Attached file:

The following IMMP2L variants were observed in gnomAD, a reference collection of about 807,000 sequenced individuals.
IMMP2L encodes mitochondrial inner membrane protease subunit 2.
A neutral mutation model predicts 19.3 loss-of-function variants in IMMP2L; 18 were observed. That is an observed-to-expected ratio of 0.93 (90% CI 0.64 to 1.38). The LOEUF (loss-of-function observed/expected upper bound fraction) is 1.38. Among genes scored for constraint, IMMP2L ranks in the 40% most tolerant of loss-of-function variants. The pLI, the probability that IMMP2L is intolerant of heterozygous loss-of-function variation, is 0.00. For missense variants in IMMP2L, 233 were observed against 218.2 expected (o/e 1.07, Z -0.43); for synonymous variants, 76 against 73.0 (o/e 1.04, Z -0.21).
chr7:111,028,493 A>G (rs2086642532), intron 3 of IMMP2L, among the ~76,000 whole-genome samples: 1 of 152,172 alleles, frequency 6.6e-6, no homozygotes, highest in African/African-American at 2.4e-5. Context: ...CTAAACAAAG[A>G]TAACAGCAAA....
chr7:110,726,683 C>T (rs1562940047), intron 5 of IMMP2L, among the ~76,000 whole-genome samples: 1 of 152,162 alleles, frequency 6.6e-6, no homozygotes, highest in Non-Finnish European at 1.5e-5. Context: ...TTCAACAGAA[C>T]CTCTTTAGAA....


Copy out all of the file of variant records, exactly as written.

The following IMMP2L variants were observed in gnomAD, a reference collection of about 807,000 sequenced individuals.
IMMP2L encodes mitochondrial inner membrane protease subunit 2.
A neutral mutation model predicts 19.3 loss-of-function variants in IMMP2L; 18 were observed. That is an observed-to-expected ratio of 0.93 (90% CI 0.64 to 1.38). The LOEUF (loss-of-function observed/expected upper bound fraction) is 1.38. Among genes scored for constraint, IMMP2L ranks in the 40% most tolerant of loss-of-function variants. The pLI, the probability that IMMP2L is intolerant of heterozygous loss-of-function variation, is 0.00. For missense variants in IMMP2L, 233 were observed against 218.2 expected (o/e 1.07, Z -0.43); for synonymous variants, 76 against 73.0 (o/e 1.04, Z -0.21).
chr7:111,028,493 A>G (rs2086642532), intron 3 of IMMP2L, among the ~76,000 whole-genome samples: 1 of 152,172 alleles, frequency 6.6e-6, no homozygotes, highest in African/African-American at 2.4e-5. Context: ...CTAAACAAAG[A>G]TAACAGCAAA....
chr7:110,726,683 C>T (rs1562940047), intron 5 of IMMP2L, among the ~76,000 whole-genome samples: 1 of 152,162 alleles, frequency 6.6e-6, no homozygotes, highest in Non-Finnish European at 1.5e-5. Context: ...TTCAACAGAA[C>T]CTCTTTAGAA....